New Nationality Bill And Its Impacts- Barrister Masud Chowdhury
A new draft clause has recently been added to the government’s proposed Nationality and Borders Bill, which the UK Home Secretary, Priti Patel, is currently steering in the Houses of Parliament. The Bill has been passed in the House of Commons and is currently being scrutinised line by line at the House of Lords.
The new draft Clause 9 of the Nationality and Borders Bill puts forward the concept of completely stripping an individual’s British citizenship without any notification whatsoever, if the local authorities do not hold an account of the individual’s full contact details. It appears to be, at face value, a formal extension of the rights exercised by the then-Home Secretary, Sajid Javid, who stripped Shamima Begum – a schoolgirl widely known for fleeing the UK to join ISIS in 2015 – of her British citizenship in 2019. The stripping of Shamima Begum’s citizenship was unprecedented at the time, but appeared to validate the setting of a new precedent in order to allow the British government to legitimately repeat such acts based on a new legal framework. Hence, the decision to push through the new Nationality and Borders Bill.
There is no doubt that it is extremely difficult to ignore the prejudiced basis under which this proposed law is being promoted. People will no longer be notified if, why and when their British citizenship is stripped by the British government; meaning that, in turn, their identity and sense of belonging is no longer as concrete as it may have been. The very principle behind the rule of law which forms the basis of law and order in this country, is to allow every individual the right of knowing why and how an adverse decision is made against them, and to give them an opportunity to appeal any unfair decisions. Though the Nationality and Borders Bill is yet to be officially approved by both Houses of Parliament, the obvious question it raises is one of unfairness: how can a person challenge a decision that they have no awareness of? An appeal can theoretically be lodged and is provided for in the draft Bill, but the overall effect of the Bill does not practically encourage this process. For example, if one is stripped of their citizenship and deported, the logistical ability to lodge an appeal is made all the more difficult by not being in the country, let alone having scant details as to why their citizenship was revoked in the first place.
There is also no doubt that the Bill aims to, at its heart, target the Black, Asian and Minority Ethnic (BAME) communities who are British citizens by birth or who have acquired British citizenship. For instance, under international law – and specifically, the 1948 Universal Declaration of Human Rights – everyone has the right to a nationality. Therefore, people cannot arbitrarily be left stateless. This would be the absolute case for white Caucasian British citizens who can only trace their ancestry back to the UK. On the other hand, stripping the citizenship of those from a BAME background is likelier to occur, as the Home Office has already acknowledged and reasoned that stripping the citizenship of those who have dual nationality or who can possibly get citizenship somewhere else, such as the country their parents come from, is possible under the Bill. The result of the Bill is therefore to implicitly create a second class of BAME British citizens, who almost certainly know that the government has the means to impact them under the Bill unlike their Caucasian British counterparts. Citizenship and equality are therefore no longer sacred, with one class of British citizens facing unfair treatment as against those who may be indigenous to the UK. To suggest that the British government can deport individuals to countries they have no familiarity with – simply by reason of their ancestry – is redolent of racism.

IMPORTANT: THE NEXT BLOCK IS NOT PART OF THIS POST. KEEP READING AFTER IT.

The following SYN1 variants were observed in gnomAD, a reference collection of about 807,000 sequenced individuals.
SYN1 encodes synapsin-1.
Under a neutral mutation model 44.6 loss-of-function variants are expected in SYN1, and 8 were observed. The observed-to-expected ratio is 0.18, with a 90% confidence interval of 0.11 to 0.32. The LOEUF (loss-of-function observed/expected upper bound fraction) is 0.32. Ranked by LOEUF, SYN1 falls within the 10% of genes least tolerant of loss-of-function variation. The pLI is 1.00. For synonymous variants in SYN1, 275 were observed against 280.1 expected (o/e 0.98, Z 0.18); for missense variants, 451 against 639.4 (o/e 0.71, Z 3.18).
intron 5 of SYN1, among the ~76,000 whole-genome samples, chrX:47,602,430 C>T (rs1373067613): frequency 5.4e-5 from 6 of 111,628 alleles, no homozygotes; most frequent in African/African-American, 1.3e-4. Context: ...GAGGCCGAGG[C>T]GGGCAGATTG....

In addition, we cannot forget the silent victims should the Bill be passed – the underage children of individuals who have their British citizenship revoked at the time of their children’s birth. It is true that stateless children residing and remaining in the UK can register for British citizenship if they have always been stateless, have been residing in the UK for at least five years, and are under 22 years of age. However, it is appalling that they can no longer automatically obtain British citizenship by virtue of their birth to British citizens, as provided for in the British Nationality Act 1981, because this proposed Bill can threaten anyone’s citizenship at any time. This therefore means that we can expect an increase in statelessness amongst the British BAME community and their children.
The UK government, with Priti Patel as its spearhead, has turned a legitimate issue of security into a tool to attack the British BAME community. The Bill makes it very easy for the British government to remove asylum seekers, change its mind on whom they wish to award British citizenship to, and whom they can take citizenship away from – all without having to justify such decisions or notify those affected by the decisions. It is now up to the local communities of the UK – in our case, the Bengali community – to take as much action as we can on a grass roots level to ensure that there is enough awareness to lobby against the Bill. We must fight for equality and fairness and for the upholding of the rule of law; and in order to do so, we must rally all those who are in a position of help. Therefore, please contact your MP, your local councillors, attend rallies and marches, and speak up online and in-person against the proposed Bill and the injustice it aims to implement in our modern day society. The Nationality and Borders Bill has no place in a modern day society made up of people peacefully coexisting from a multicultural background.